Dimension X was first heard on NBC April 8, 1950, and ran until September 29, 1951.
Strange that so little good science fiction came out of radio; they seem ideally compatible, both relying heavily on imagination. Some fine isolated science fiction stories were developed on the great anthology shows, Suspense and Escape. But until the premiere of Dimension X -- a full two decades after network radio was established -- there were no major science fiction series of broad appeal to adults. This show dramatized the work of such young writers as Ray Bradbury, Robert (Psycho) Bloch, Robert Heinlein, Isaac Asimov, and Kurt Vonnegut. In-house script writer was Ernest Kinoy, who adapted the master works and contributed occasional storied of his own.
Dimension X was a very effective demonstration of what could be done with science fiction on the air. It came so late that nobody cared, but some of the stories stand as classics of the medium. Bradbury's "Mars Is Heaven" is as gripping today as when first heard. His "Martian Chronicles" was one of the series' most impressive offerings.
Dimension X played heavily on an "adventures in time and space, told in future tense" theme. Actors who worked regularly on the show included Joe Di Santis, Wendell Holmes, Santos Ortega, Joseph Julian, Jan Miner, Roger De Koven, John Gibson, Ralph Bell, John Larkin, Les Damon, and Mason Adams. It was directed by Fred Weihe and Edward King. The deep-voiced narrator was Norman Rose.
The series played heavily on the "X" factor in the title, as did X Minus One a few years later. The signature was boomed out of and echo chamber as "DIMENSION X X X X X x x x x x . . . "
From the Old Time Radio Researchers Group. See "Notes" Section below for more information on the OTRR.
It contains the most complete and accurate version of this series in the best sound possible at the time of creation. An updated version will be issued if more episodes or better sounding ones become available.
This is the Single Episodes Page. The Certified Set includes extras not found here. It is located at OTRR Certified Set. This Single Episodes page is provided in case you want to sample the shows.Note that in many cases, file names have been modified from the original OTRR names to conform to archive.org naming requirements.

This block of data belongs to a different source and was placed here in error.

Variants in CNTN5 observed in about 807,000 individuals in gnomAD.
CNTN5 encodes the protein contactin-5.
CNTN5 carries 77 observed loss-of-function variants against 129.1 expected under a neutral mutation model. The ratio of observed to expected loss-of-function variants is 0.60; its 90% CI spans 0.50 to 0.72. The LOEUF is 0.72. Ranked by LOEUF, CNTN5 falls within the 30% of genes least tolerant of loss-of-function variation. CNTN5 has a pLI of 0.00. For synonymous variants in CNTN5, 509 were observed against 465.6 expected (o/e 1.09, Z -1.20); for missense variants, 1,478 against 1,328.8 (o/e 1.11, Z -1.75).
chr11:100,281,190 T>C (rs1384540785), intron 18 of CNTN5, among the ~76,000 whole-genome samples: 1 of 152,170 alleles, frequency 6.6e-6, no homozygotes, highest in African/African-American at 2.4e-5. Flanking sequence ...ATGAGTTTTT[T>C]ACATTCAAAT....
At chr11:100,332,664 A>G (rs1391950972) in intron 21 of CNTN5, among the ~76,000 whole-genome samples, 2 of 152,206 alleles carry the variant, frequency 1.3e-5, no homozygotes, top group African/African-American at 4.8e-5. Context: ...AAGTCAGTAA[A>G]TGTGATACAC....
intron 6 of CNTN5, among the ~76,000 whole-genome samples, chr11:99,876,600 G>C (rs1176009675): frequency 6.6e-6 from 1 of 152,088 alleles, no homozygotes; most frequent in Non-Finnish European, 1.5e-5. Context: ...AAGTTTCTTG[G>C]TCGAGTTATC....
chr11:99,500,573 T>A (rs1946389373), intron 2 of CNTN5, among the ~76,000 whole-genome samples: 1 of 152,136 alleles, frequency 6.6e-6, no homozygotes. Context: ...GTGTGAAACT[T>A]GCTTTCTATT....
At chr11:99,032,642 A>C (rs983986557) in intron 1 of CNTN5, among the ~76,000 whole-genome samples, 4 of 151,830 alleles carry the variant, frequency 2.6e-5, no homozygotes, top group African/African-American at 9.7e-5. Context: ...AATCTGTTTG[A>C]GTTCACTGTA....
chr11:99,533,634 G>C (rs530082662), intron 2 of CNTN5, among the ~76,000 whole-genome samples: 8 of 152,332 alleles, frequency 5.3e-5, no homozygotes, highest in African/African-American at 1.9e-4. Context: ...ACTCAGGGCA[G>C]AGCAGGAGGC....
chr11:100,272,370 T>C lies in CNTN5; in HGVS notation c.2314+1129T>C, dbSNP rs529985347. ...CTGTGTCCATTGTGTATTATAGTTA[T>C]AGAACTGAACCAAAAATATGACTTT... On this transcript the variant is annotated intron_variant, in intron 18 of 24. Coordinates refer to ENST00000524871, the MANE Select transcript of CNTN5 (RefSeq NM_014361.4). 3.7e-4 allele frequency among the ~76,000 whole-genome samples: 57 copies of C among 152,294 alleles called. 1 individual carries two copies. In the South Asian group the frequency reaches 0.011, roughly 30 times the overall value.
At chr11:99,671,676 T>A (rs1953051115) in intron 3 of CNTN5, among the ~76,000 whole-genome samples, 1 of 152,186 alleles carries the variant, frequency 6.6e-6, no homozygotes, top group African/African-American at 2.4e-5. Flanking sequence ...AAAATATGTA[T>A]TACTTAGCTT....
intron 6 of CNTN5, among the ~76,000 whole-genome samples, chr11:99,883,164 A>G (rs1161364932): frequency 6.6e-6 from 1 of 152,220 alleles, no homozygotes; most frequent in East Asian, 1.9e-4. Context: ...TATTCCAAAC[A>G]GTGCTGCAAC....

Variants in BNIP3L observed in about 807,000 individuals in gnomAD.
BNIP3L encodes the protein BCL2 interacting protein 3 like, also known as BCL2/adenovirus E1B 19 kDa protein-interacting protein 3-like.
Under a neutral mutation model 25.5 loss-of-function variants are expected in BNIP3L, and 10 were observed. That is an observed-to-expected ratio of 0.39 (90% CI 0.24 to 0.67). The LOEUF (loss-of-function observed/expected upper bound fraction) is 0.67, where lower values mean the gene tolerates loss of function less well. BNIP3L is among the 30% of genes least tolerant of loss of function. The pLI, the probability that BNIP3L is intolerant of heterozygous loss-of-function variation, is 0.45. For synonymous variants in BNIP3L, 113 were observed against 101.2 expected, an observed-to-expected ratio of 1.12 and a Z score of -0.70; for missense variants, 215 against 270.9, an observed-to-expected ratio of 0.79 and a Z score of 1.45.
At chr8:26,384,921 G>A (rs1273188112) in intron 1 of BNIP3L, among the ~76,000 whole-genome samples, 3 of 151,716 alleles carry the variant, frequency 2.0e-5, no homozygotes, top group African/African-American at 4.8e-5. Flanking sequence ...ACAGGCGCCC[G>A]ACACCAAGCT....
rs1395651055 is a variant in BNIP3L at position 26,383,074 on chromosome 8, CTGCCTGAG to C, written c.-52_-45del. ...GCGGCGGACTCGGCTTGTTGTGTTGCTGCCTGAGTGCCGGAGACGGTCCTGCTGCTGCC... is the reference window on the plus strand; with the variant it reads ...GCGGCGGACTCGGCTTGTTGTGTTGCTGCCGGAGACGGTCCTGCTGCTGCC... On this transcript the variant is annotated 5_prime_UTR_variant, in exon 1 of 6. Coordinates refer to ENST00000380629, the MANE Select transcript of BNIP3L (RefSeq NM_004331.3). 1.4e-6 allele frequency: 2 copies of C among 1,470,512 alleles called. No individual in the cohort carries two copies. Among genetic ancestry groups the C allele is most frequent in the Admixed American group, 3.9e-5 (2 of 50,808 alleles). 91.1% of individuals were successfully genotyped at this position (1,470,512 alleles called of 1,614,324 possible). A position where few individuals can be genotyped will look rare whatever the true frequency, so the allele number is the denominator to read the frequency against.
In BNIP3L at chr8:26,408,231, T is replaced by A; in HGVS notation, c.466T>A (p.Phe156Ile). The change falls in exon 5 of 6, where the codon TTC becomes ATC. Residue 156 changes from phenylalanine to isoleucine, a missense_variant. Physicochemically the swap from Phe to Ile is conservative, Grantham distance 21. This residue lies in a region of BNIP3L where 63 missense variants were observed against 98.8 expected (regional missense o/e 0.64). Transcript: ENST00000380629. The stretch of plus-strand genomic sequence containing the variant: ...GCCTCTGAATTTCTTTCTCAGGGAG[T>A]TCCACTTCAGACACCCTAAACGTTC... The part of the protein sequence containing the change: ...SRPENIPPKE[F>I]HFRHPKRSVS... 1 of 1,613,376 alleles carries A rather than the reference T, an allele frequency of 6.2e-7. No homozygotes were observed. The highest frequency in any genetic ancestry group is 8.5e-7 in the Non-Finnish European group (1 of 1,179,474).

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OTRR Maintained Set -- This set contains all known episodes in the best available audio condition with the most accurate dates and titles known to be in general circulation and based on current research at the time of release. Replaces OTRR Certified Accurate and OTRR Certified Complete.
OTRR Non-Maintained Set -- A collection of shows that has not gone through the OTRR Maintenance process.
Pre-2019 OTRR Definitions:
OTRR Certified Accurate -- A series that was "Certified Accurate" indicated that all the episodes were properly identified and labeled based on current information but that the series did not contain all known extant episodes.
OTRR Certified Complete -- A series that was "Certified Complete" achieved the highest level of certification available under the OTRR Certified Standards. This certification level implied that all the files in the series were "Certified Accurate" and also indicated that the series was as complete as possible and included all circulating episodes.
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Also, beginning in 2019, the version numbers of our OTRR releases changed format -- instead of v1.0 or v2.1, we are now using a version number that reflects the year and month the set was released. The format used is a two-digit year followed by a two-digit month. For example, "v1906" indicates a set that was released in June 2019, or "v1910" indicates a set released in October 2019.